My father was an avid cyclist since I was born. I could remember him back in the late 60's waiting months for his Cinelli to arrive. Complete with hat,tires and a tube of glue. My siblings and I raced and rode for enjoyment for many years. In that time I started to surf and thought, "this is way more fun than suffering on the bike." I travelled the world many times over in pursuit of the perfect wave.

After an encounter with a 15' great white shark last year, you can bet that I'm that bike again. Reliving all of the joys that it has to offer. I have over 20 surfboard, and so far 3 bikes...and counting! Yes, we will always return to the bike.
January 17, 2008 | Unregistered Commenter Anonymous
As a teenager, I remember being just about done with a 4 hour training ride when I came across some friends of mine driving in a car. They waved at me, pulled over, and then I chatted with them for a bit. I still remember one of them being absolutely incredulous about the amount of time I was out on my bike, saying "What exactly do you think about for 4 hours? I'd lose my mind if I tried that."

If you're not infected with the cycling bug then it can be hard to elucidate the pleasure. I tried to explain the whirring of my wheels/tires, the sound of a well-maintained drivetrain, ingesting the sights over miles and miles of country roads, the smell of forests and cow pastures, the exhileration of topping 50mph on some of the descents, monitoring my breathing while climbing, etc. My mind is always engaged, if only to make sure I don't crash or get nailed by a car. They just didn't get it, but they did have a degree of awe.

While in high school and my summers home from college I lived in a very small town in a rural area. Many of my peers didn't know what to make of me, but pretty much everybody knew who I was and knew I lived on my bike. It was interesting to have some of my peers, who through the social dynamics of cliques never gave me the time of day during school, pull over their cars and chat for a bit when they came across me out in the hinterlands when on my bike. Just ask all kinds of questions about racing and training. It may be a coincidence or it may be because pretty much everyone knew who I was, but this part of the country is the only place where I can say I was never harassed by a motorist while out on a bike.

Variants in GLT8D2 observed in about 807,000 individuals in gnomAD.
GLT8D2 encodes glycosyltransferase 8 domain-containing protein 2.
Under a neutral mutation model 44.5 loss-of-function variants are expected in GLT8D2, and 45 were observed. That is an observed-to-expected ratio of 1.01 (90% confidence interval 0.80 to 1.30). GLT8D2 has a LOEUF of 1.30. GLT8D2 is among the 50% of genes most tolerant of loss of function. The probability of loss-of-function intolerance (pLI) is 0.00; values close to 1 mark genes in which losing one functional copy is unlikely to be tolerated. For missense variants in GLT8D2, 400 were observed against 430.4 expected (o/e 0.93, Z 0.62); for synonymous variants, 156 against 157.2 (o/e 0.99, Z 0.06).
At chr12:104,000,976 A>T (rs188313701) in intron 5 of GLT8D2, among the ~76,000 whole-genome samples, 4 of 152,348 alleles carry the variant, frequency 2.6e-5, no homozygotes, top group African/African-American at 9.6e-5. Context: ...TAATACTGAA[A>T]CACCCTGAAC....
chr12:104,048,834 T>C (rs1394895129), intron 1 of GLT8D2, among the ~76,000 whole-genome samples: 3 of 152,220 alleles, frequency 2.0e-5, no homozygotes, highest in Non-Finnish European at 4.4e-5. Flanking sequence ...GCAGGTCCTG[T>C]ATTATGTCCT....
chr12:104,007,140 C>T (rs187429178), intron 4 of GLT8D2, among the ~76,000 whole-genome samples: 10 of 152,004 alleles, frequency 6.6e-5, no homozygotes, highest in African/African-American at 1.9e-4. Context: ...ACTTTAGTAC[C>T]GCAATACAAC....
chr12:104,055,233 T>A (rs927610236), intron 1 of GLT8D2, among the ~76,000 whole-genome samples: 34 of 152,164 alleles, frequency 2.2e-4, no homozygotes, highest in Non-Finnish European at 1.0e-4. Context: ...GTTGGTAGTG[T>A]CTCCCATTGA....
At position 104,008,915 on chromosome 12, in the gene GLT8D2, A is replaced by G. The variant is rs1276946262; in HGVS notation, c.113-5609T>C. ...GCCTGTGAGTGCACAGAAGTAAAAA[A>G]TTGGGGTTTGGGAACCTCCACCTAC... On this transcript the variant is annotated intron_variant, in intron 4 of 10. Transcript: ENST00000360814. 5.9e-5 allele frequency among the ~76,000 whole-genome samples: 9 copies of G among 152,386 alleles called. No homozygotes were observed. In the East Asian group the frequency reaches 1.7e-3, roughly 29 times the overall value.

I'd never wear an iPod outside, although I do wear one when I ride on the rollers at home after work when there's not enough daylight to venture outdoors. An interesting bit of iPod-related pro cycling trivia: a few years ago young Gerolsteiner pro Heinrich Haussler raced the entire Tour of Flanders plugged into his iPod. I couldn't imagine how he survived without crashing, and I couldn't imagine denying the outside sensation/stimulus of racing one of the all-time monuments of cycling.
January 17, 2008 | Unregistered Commenter Bobke Strut
One time when I was biking down some oak-lined avenues a big acorn hit me in the forehead. :(
January 20, 2008 | Unregistered Commenter fridrix